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Onyx reviews: Disappearance at Devil's Rock by Paul Tremblay

Reviewed by Bev Vincent, 8/6/2016

A group of young boys is hanging out one night when one of their number goes missing. His disappearance stresses out his single mother and sibling, and upsets the normally quiet and peaceful community. That may sound like a summary of Stranger Things, the popular Netflix series, but it also describes Disappearance at Devil's Rock, the follow-up to Tremblay's award-winning A Head Full of Ghosts.

Unlike Stranger Things, Disappearance is not a nostalgia-filled story set in the eighties. It is a contemporary story that involves Twitter hashtags, Facebook pages, YouTube videos, trollish comments and SnapChat conversations, all of which come into play after 13-year-old Tommy Sanderson goes missing during a late-night adventure in the ominously named Borderland state park in Ames, Massachusetts. Tommy is a good kid, quiet and sensitive, a budding artist who is obsessed with playing Minecraft, deliberately crashing his bicycle and arguing with his friends Luis and Josh about the best ways to survive the zombie apocalypse.

The story starts with the dreaded middle-of-the-night phone call that informs Elizabeth that her son is missing. Elizabeth isn't a stranger to crisis; her husband also pulled a vanishing act many years ago, and then topped it off by getting killed in a DUI car wreck. Their father was not a large part of Tommy and his younger sister Kate's lives, but recently Tommy has been interested in finding out more about the man.

Tremblay understands that it doesn't take a lot to create a sense of unease. Elizabeth has a late-night encounter with a phantom apparition in her son's bedroom that causes her to believe that he might already be dead, but of course no one takes her seriously. Harder to dispute are the pages from Tommy's heretofore unknown diary that materialize a few sheets at a time in the living room in the middle of the night. Elizabeth, Kate, and Elizabeth's mother, who is staying with them to lend moral support during this difficult time, all deny any knowledge or responsibility for dropping these increasingly disturbing pages, which doesn't leave many options. Either someone is breaking into the house and leaving them for Elizabeth—but for what purpose?—or Tommy's spirit is leaving them.

The most disturbing revelation in these pages is the fact that Tommy and his friends have been spending time with a fourth individual, a man a decade their senior who they met at a local convenience store. This Arnold, a charismatic who claims to be a seer, convinces the boys of his abilities by revealing things about their lives he should have no way of knowing, although Luis suspects that he's using the traditional psychic method of issuing general statements and pouncing on the mark's reaction. He supplies them with beer as he tells them a legend about Split Rock, the remote geological artifact in the park where they like to hang out, that fuels their imaginations.

Tommy's disappearance kicks off a media and social networking frenzy. Elizabeth works hard to make sure that #FindTommy keeps trending on Twitter and updates a dedicated Facebook page with every scrap of new information, no matter how trivial. Rumors abound, including theories that the boys were involved in devil worship. Reports of a shadowy figure seen lurking in people's yards create a Slenderman-like legend. As the days pass without any credible sightings of the missing boy, though, Elizabeth finds it increasingly difficult to keep the public, the media and the police interested in her situation. Tensions rise in the Sanderson household, too, as recriminations and accusations bubble to the surface between mother and daughter.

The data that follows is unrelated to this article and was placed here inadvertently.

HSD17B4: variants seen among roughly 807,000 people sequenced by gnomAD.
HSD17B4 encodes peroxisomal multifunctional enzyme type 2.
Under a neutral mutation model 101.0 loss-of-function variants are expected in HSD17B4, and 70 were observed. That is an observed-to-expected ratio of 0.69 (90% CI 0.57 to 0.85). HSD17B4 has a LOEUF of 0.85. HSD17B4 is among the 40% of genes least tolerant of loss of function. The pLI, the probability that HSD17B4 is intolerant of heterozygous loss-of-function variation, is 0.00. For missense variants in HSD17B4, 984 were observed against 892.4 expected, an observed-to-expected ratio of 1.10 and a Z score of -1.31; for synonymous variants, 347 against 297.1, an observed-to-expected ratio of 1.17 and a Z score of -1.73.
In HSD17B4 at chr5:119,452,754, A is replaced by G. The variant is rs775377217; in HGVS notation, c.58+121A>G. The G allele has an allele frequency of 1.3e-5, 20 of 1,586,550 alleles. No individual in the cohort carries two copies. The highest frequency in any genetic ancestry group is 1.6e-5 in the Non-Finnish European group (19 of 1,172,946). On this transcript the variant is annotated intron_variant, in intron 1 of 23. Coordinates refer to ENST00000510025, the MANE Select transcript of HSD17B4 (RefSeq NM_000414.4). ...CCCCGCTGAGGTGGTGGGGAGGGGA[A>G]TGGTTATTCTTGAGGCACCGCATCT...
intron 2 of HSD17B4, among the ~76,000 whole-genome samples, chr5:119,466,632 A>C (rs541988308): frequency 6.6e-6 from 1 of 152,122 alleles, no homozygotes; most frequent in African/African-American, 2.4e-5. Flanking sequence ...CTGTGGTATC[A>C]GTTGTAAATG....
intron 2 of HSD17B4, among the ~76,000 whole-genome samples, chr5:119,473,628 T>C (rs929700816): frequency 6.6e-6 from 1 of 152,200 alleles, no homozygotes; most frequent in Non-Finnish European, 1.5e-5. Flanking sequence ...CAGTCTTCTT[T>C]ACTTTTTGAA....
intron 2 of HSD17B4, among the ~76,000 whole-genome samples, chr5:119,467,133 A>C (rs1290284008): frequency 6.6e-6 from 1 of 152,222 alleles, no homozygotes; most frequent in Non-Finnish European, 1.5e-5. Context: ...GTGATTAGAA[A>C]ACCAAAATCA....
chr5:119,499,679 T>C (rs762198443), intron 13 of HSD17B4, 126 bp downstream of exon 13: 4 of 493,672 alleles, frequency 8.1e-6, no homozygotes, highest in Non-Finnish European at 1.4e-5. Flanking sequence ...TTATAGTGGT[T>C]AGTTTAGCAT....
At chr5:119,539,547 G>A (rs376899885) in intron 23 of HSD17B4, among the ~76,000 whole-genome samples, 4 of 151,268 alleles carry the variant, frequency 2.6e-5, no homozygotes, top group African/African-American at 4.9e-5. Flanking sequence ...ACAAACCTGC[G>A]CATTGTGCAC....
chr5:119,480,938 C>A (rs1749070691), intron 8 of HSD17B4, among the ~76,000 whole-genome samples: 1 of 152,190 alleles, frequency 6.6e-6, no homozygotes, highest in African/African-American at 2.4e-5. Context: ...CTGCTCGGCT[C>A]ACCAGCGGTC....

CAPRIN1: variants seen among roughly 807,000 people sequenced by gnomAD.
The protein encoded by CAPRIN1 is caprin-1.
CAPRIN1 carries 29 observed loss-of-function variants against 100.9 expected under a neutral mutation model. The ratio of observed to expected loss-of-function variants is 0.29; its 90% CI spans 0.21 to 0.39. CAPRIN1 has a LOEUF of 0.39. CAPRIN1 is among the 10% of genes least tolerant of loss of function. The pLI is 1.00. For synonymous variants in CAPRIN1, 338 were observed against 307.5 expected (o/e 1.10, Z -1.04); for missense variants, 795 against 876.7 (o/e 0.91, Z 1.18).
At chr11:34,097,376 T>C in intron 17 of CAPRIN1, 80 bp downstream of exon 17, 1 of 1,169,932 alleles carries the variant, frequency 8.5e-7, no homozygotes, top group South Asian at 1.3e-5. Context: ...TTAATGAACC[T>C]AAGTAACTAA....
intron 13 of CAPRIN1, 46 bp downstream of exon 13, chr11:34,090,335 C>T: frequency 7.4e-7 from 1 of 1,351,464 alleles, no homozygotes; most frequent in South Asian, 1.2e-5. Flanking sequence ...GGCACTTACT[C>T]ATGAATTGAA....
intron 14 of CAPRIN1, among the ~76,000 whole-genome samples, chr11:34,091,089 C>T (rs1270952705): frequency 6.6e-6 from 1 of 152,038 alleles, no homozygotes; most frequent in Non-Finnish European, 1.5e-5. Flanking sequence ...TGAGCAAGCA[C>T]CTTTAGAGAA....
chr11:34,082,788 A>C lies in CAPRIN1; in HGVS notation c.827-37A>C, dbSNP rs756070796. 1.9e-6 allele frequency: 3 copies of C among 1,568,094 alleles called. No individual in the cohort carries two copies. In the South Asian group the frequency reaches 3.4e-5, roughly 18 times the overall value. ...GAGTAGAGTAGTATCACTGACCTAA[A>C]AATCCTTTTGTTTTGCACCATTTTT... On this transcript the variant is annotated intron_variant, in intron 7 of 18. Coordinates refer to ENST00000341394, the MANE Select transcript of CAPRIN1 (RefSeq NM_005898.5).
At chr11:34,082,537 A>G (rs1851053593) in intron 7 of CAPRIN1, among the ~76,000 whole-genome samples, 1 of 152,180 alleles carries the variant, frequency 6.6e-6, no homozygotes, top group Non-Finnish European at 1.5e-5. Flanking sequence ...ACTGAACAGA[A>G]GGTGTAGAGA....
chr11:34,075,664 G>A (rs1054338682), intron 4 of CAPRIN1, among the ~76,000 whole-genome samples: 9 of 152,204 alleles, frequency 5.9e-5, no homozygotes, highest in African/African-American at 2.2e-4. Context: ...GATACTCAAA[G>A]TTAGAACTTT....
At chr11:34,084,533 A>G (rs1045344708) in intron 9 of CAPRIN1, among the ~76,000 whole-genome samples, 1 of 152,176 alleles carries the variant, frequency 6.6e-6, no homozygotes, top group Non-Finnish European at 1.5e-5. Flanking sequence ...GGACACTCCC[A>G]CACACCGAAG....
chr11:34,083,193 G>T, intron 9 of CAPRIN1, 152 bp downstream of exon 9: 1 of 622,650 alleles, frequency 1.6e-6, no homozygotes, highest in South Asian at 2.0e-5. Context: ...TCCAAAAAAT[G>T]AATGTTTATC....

One open question is the reliability of the various narratives presented in the book. Tommy is never seen before his disappearance, so Elizabeth and readers have only his written words and the testimonies of Luis and Josh to rely upon. The mysterious Arnold, too, is only seen through the boys' accounts of their interactions until late in the book, and the boys, as it turns out, have good reason to obfuscate and dissemble. The novel shares a theme with You Will Know Me by Megan Abbott: how much or how little of their children's lives adults truly know or understand.

There are other mysterious incidents, including the possibility that a doppleganger exists, and a hint that Tommy foresaw what was going to happen at the park that night. The final set of diary pages, discovered well after the source of the previous pages has been revealed, tell a harrowing story about the events that led up to Tommy's disappearance. The boys' actions are a little hard to accept, given what readers know of them up to that point, but if readers are willing to look beyond this shaky credibility, the rest of the book holds together fairly well. 

Arnold, once he enters the pages as a character, is vastly different than the glib, slick, savvy depiction from the boys' point of view, perhaps because the youths are more susceptible to his manipulations. Again, though, readers and Elizabeth are forced to rely upon the questionable testimonies of people who have much to gain by hiding the truth, so what really happened in the park that night might never be known. 

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